Summit County cowboy George Culbreath adds his name to CSU rodeo wall of fame | AspenTimes.com
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Summit County cowboy George Culbreath adds his name to CSU rodeo wall of fame

Antonio Olivero
Summit Daily

HEENEY — The near 80-degree sunshine reflected off George Culbreath’s belt buckle Saturday at his ranch north of Silverthorne. Now in his ninth decade in Summit County, Culbreath has been selected as a 2020 inductee into the Colorado State University Rodeo Wall of Fame.

Culbreath won the buckle nearly six decades ago. After learning the ropes at the old town of Dillon’s rodeo grounds out behind the Lucky Horseshoe bar, he departed Summit to become a star at Colorado State (then known as Colorado A&M). In 1961, Culbreath rode through a stellar competitive rodeo season all across the great plains region, being named top All-Around Cowboy for the region that year and earning a trip to the national finals in Sacramento, California.

En route to the great plains championship — which included mastery in saddle bronc, bareback, bull riding and bulldogging disciplines — Culbreath won the saddle bronc competition at the Nebraska State Stampede in Chadron, Nebraska. It’s the victory from which he earned the belt buckle he wore Saturday morning.

“He was very competitive,” said Susy, Culbreath’s wife since 1961. “I would watch him and when he rode I would hold my breath a little bit because I was scared. But he was good at it and I enjoyed watching it.”

“I think I was pretty cut-throat,” Culbreath said. “I never had much fun till it’s over with.”

On Saturday afternoon, George and Susy were joined by their granddaughter Carli on the back red porch on their several hundred acre ranch across from the McDonald Flats Campground a few miles south of Heeney. The Culbreaths have called this stunning piece of Summit County property home since their marriage.

Their home, with a majestic view of Ute Peak to the southeast and the snowcapped peaks of the Gore Range to the southwest, overlooks a hillside where for decades their cows have grazed and where elk often meander in herds from the calving grounds just on the other side of the hill.

George and Susy reflected on a ranching life well-lived as they looked at a trough that helps transport water along the ranch’s irrigation system. George built it years ago to move water from the lake up the hillside.

For George, the trough is a reminder of where the Culbreath family came from. In the 1880s, George’s grandfather, George Engle, came to the frontier town of Breckenridge from Switzerland. With his brother Peter, he started the Engle Brothers Exchange Bank. George Engle ran the bank until his death in 1926.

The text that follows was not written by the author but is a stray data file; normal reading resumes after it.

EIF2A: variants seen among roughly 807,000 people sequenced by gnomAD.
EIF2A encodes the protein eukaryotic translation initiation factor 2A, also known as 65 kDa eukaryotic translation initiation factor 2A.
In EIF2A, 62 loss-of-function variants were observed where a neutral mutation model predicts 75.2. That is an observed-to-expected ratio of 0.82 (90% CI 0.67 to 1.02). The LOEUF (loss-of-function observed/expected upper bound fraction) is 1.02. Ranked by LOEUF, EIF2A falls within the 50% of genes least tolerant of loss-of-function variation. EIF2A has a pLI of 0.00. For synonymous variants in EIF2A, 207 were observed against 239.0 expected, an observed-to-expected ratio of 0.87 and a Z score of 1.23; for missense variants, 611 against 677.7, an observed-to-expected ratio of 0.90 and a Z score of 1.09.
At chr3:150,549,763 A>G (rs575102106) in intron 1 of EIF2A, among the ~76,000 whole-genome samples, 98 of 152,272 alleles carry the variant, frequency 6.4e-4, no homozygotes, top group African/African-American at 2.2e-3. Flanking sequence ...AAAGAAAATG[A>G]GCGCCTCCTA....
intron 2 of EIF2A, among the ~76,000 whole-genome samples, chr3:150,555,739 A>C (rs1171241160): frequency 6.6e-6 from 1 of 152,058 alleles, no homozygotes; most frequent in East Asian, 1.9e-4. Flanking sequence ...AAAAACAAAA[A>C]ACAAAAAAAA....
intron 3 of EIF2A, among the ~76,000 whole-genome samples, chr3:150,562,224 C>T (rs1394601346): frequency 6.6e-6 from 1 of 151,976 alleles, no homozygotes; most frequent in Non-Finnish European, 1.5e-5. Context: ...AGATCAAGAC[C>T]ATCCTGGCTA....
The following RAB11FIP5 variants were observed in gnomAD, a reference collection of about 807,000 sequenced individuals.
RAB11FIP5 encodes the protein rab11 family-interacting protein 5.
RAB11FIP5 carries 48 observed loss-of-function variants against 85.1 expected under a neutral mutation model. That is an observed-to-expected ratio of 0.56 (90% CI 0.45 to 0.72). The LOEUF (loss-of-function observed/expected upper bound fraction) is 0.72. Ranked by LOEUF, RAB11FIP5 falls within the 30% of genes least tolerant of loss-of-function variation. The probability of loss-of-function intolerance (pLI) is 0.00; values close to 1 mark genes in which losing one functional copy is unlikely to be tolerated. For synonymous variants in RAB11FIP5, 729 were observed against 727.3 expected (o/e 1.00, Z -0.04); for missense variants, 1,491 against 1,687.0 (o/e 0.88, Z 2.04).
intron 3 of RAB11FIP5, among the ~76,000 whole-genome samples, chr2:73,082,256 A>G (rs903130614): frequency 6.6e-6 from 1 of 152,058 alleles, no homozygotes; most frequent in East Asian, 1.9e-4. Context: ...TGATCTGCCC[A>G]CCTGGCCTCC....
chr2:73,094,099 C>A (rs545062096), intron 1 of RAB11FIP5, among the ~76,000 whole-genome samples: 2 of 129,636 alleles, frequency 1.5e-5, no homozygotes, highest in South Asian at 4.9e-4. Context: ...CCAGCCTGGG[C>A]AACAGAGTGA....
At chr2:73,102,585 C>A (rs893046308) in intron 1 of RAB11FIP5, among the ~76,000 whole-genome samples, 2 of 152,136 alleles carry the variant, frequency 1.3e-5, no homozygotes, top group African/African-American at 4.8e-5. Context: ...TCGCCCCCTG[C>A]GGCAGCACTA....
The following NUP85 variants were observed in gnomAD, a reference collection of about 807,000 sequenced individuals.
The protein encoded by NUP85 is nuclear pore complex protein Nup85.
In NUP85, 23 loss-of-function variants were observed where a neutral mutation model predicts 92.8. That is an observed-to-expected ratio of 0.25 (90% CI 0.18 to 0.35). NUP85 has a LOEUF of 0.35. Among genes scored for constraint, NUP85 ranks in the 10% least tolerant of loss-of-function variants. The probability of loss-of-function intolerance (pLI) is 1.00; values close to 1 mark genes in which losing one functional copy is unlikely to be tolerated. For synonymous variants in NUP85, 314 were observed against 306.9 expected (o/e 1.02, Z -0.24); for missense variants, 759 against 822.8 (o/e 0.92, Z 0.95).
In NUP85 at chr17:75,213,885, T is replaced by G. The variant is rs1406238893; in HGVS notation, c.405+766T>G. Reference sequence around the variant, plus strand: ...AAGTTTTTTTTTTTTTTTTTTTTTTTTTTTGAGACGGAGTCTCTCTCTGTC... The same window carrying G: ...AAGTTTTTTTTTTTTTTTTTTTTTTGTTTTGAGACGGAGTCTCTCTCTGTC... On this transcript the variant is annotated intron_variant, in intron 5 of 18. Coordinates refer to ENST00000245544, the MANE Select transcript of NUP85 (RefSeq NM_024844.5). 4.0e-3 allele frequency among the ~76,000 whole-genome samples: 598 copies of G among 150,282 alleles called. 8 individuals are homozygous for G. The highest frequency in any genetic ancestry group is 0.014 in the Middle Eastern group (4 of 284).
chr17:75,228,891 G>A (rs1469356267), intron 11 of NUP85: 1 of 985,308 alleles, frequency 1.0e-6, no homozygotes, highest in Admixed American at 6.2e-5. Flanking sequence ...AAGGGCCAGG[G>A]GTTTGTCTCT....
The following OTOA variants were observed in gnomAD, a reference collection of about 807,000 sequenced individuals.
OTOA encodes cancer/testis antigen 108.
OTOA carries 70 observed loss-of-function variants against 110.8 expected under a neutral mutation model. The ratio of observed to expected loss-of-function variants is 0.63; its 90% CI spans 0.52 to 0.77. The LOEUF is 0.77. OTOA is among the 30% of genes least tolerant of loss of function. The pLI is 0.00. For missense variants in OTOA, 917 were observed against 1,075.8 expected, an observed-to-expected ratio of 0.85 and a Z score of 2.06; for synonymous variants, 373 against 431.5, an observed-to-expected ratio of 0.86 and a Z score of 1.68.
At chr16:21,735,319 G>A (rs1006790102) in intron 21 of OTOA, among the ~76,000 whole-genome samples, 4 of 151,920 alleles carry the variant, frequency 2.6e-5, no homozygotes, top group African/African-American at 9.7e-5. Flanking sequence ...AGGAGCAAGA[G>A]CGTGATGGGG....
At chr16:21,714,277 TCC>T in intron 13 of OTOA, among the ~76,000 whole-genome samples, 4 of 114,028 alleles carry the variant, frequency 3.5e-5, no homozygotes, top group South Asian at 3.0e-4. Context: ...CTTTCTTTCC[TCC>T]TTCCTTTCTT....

Grady “Cully” Culbreath, George’s father, also made a go of it for himself in Summit County. He married Engle’s daughter, Elizabeth, and got into the ranching business down at Otter Creek Ranch in Heeney in 1930, just a couple miles north on the country road where George and Susy live now.

It was at Otter Creek where George was born in 1936 and where he first learned how to milk cows and help with other ranch chores. After the family moved to Smith Ranch in Silverthorne, milking cows in the dairy barn eventually gave way to George and his 14-month-elder brother, Grady, riding the milk cows out of the barn.

“It was kind of tricky,” Culbreath said, “cause you had to keep your head down or you’d get clothes-lined when you’d go out the door. But they never bucked till they got outside, cause the concrete inside was slick. But when they got out that door, bingo.”

George’s ranching childhood living at Otter Creek, consisted of trotting on horseback 4 miles to the Lakeside School down under the Green Mountain Dam. There also was the bailing of loose hay for the Dillon rodeo back when it was the old town’s sports center — where loggers, ranchers and miners would congregate when they weren’t hanging around the town’s eight bars.

It was experiences like those, that led Culbreath to rodeo at Colorado A&M in 1954. Culbreath excelled in rodeo and on the ski team before he took a break from college for a union job building Roberts Tunnel, the project that brought water from the Dillon Reservoir — constructed where the old town and rodeo grounds used to be — down to Denver.

Thinking back, Culbreath said though working on the tunnel was a hard job, it wasn’t what gave him the strength to become a rodeo champion in 1961 after he returned to college.

“It wasn’t as hard as ranch work,” he said with a smile.

On the Colorado A&M team, Culbreath befriended a fellow mountain buddy: Tim Mantle from Yampa. The duo were thought to be so tough to buck because growing up in the mountains the ground was so frozen they would do anything not to hit it.

Culbreath never did make it out to Sacramento for the national finals in 1961, something he regrets to this day. Susy encouraged him to go, but there was just so much going on with their lives then — getting married, starting up an excavating business and getting their ranch at Rocky Nob off the ground during a time of sudden change in Summit County.

Nearly 60 years later, this past February, while George and Susy were at a previously scheduled trip to New Zealand, their children and grandchildren attended the Colorado State banquet when Culbreath was inducted into the wall of fame. There, Carli met her granddad’s college friends, who shared rodeo stories of her granddad’s success from a bygone Summit county sports era — one where saddle broncin’ and bull riding were at the center of the scene.

“We were able to see a part of Grandpa’s life that I hadn’t seen before,” Carli said.

aolivero@summitdaily.com


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